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Brief Report: IRF4 Newly Identified as a Common Susceptibility Locus for Systemic Sclerosis and Rheumatoid Arthritis in a Cross-Disease Meta-Analysis of Genome-Wide Association Studies.

Arthritis Rheumatol; 68(9): 2338-44, 2016 09.
Artigo em Inglês | MEDLINE | ID: mdl-27111665

OBJECTIVE:

Systemic sclerosis (SSc) and rheumatoid arthritis (RA) are autoimmune diseases that have similar clinical and immunologic characteristics. To date, several shared SSc-RA genetic loci have been identified independently. The aim of the current study was to systematically search for new common SSc-RA loci through an interdisease meta-genome-wide association (meta-GWAS) strategy.

METHODS:

The study was designed as a meta-analysis combining GWAS data sets of patients with SSc and patients with RA, using a strategy that allowed identification of loci with both same-direction and opposite-direction allelic effects. The top single-nucleotide polymorphisms were followed up in independent SSc and RA case-control cohorts. This allowed an increase in the sample size to a total of 8,830 patients with SSc, 16,870 patients with RA, and 43,393 healthy controls.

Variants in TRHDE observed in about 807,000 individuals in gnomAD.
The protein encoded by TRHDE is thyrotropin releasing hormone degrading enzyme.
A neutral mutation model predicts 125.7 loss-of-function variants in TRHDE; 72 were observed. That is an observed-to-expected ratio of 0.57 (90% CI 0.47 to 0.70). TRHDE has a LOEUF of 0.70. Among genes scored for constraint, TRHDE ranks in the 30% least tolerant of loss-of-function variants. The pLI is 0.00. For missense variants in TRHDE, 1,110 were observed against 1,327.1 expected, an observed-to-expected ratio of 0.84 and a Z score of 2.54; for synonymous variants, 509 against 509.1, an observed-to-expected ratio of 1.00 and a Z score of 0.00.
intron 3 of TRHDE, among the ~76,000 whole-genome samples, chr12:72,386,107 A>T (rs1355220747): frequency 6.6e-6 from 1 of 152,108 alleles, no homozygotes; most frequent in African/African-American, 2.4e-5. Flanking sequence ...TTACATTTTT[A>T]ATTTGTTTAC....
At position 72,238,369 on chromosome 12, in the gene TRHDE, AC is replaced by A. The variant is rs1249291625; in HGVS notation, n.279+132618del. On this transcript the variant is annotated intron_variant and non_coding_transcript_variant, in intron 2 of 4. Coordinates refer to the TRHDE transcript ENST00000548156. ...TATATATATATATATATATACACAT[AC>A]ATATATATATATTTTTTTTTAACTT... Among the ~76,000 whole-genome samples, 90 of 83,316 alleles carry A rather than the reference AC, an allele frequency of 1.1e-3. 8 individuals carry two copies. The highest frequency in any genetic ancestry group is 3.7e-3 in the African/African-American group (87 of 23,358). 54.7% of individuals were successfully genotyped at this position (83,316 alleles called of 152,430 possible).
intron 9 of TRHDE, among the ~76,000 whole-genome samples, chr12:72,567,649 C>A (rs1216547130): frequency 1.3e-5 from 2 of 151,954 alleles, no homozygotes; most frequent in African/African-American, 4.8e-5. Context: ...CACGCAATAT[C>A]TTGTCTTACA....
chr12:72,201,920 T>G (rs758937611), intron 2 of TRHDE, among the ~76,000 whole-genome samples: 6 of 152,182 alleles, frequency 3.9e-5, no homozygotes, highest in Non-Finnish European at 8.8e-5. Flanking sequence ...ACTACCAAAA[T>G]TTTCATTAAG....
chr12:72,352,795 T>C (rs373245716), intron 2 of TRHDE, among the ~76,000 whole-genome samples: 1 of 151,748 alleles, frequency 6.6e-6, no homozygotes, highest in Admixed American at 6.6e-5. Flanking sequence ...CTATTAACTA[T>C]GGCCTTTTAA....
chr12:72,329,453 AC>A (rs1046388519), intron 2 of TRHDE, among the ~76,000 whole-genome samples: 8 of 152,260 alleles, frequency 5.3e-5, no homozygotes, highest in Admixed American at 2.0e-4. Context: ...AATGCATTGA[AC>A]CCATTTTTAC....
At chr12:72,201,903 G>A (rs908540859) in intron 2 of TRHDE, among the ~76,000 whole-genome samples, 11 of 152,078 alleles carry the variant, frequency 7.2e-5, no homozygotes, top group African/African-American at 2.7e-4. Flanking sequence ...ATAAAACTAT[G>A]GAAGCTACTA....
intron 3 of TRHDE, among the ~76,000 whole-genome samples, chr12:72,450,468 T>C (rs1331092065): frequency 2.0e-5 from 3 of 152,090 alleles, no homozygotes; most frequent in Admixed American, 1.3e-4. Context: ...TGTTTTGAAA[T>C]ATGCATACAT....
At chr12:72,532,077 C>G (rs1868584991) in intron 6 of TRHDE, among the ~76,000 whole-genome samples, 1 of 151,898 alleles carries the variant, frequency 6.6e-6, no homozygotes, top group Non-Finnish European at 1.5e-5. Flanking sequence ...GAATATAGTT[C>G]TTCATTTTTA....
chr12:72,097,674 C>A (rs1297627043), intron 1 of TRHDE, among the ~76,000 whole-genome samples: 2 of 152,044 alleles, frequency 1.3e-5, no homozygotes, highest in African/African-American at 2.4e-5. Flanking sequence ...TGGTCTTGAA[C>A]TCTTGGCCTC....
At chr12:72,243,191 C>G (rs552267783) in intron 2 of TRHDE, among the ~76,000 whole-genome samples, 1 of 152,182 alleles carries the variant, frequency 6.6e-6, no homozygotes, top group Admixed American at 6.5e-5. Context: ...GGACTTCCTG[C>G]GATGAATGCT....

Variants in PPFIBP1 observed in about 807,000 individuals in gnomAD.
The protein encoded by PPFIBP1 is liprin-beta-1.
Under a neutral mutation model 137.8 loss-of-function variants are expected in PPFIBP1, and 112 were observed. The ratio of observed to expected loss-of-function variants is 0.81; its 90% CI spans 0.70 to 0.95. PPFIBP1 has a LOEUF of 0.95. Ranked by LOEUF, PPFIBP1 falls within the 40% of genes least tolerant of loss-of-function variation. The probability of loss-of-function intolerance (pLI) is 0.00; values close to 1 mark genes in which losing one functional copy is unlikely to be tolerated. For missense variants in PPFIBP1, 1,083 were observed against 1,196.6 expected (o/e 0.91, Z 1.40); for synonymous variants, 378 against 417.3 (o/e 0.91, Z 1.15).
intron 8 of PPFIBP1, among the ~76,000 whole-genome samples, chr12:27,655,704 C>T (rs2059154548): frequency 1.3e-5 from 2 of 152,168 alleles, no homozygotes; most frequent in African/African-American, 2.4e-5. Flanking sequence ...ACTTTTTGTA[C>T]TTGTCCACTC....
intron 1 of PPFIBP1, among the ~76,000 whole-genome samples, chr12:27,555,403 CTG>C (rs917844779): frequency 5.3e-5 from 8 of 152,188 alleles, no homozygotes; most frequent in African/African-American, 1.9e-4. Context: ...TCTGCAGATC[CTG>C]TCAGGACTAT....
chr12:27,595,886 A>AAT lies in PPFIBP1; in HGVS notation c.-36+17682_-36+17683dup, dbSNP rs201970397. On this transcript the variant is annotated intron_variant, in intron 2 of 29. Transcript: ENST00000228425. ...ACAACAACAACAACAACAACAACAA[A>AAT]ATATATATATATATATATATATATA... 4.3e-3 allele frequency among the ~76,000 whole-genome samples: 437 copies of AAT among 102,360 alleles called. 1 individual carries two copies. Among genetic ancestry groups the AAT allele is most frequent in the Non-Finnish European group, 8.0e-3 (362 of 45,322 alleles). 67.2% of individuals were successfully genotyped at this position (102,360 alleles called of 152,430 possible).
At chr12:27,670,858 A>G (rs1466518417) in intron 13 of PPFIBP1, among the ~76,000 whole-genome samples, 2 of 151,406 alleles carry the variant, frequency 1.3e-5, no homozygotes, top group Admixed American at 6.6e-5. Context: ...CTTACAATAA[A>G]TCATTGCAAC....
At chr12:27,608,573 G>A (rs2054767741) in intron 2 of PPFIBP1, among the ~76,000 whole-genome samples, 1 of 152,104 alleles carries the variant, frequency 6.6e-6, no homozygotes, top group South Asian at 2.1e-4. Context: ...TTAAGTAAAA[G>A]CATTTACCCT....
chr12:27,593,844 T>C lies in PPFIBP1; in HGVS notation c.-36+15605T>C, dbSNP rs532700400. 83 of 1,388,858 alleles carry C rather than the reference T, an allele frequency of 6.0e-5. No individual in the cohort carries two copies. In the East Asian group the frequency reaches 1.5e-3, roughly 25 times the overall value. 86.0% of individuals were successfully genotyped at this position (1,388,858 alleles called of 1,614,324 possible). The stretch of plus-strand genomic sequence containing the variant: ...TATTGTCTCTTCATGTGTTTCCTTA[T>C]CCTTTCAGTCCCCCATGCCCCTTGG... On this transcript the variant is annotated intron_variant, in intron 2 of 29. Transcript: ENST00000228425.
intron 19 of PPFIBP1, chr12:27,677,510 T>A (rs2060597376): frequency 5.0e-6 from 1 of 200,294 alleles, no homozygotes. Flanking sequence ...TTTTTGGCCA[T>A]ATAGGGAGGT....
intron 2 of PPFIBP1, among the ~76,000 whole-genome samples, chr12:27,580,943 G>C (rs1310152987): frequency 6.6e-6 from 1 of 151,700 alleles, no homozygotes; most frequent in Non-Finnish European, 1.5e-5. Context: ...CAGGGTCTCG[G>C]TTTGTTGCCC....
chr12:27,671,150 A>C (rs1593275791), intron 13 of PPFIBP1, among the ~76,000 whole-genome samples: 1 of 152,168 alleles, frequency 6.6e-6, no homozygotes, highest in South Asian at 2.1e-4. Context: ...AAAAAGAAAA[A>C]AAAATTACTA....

RESULTS:

This cross-disease meta-analysis of the GWAS data sets identified several loci with nominal association signals (P < 5 × 10(-6) ) that also showed evidence of association in the disease-specific GWAS scans. These loci included several genomic regions not previously reported as shared loci, as well as several risk factors that were previously found to be associated with both diseases. Follow-up analyses of the putatively new SSc-RA loci identified IRF4 as a shared risk factor for these 2 diseases (Pcombined = 3.29 × 10(-12) ). Analysis of the biologic relevance of the known SSc-RA shared loci identified the type I interferon and interleukin-12 signaling pathways as the main common etiologic factors.

CONCLUSION:

This study identified a novel shared locus, IRF4, for the risk of SSc and RA, and highlighted the usefulness of a cross-disease GWAS meta-analysis strategy in the identification of common risk loci.